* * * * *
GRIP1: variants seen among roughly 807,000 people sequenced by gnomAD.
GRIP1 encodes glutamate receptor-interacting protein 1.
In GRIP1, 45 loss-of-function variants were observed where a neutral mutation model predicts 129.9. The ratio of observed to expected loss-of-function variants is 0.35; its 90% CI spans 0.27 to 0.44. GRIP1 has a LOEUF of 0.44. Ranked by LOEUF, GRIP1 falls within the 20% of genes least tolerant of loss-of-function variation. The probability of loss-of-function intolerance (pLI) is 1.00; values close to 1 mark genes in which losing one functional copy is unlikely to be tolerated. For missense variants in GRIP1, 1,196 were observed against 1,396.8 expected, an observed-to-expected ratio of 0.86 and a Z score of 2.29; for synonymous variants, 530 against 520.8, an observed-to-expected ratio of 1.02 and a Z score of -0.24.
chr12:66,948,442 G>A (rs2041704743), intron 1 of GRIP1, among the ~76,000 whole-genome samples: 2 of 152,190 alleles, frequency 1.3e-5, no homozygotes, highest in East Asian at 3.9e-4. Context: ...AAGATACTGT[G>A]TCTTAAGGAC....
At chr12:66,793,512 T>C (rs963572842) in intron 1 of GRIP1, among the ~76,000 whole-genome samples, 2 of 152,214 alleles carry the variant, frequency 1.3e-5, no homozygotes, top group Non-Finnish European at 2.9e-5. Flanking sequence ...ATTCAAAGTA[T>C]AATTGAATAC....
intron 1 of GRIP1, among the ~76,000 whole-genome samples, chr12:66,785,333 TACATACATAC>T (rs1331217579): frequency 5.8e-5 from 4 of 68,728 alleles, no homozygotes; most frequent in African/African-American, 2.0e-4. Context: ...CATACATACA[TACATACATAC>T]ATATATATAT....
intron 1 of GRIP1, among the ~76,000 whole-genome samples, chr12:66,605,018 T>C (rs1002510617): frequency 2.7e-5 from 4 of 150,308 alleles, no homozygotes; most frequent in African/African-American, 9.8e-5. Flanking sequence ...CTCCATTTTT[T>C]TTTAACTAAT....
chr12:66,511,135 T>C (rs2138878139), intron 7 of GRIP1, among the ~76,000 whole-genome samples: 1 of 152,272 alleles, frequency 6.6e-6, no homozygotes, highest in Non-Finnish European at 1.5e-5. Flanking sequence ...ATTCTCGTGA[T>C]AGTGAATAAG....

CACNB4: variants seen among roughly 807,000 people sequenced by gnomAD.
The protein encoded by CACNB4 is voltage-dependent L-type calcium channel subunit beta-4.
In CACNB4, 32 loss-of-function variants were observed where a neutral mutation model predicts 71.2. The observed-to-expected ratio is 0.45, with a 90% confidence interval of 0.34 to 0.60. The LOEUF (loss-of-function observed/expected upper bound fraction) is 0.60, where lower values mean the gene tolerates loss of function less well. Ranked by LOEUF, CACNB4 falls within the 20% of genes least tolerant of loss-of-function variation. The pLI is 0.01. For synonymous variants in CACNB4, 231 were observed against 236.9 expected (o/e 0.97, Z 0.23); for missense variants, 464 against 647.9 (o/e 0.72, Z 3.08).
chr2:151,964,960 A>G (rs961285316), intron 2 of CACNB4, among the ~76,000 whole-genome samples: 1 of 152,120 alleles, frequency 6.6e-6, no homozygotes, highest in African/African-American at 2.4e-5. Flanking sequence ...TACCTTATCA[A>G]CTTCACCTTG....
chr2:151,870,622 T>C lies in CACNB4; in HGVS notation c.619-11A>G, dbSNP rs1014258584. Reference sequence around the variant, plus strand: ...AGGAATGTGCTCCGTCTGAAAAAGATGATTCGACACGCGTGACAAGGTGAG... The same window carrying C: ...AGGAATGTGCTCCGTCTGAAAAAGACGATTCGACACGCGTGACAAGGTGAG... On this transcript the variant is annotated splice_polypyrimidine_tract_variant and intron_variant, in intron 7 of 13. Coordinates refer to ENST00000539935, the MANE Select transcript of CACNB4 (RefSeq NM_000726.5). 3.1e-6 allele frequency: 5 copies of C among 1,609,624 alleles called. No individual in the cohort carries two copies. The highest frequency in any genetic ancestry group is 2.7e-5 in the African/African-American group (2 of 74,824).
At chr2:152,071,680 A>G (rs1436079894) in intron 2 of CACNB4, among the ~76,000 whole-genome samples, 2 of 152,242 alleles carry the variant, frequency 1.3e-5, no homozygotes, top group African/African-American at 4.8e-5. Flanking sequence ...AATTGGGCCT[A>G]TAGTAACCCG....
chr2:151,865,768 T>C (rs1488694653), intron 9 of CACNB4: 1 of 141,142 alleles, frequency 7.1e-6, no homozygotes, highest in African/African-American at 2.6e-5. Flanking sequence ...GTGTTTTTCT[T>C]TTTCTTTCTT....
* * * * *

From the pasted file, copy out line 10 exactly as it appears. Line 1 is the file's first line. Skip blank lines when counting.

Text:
The protein encoded by CACNB4 is voltage-dependent L-type calcium channel subunit beta-4.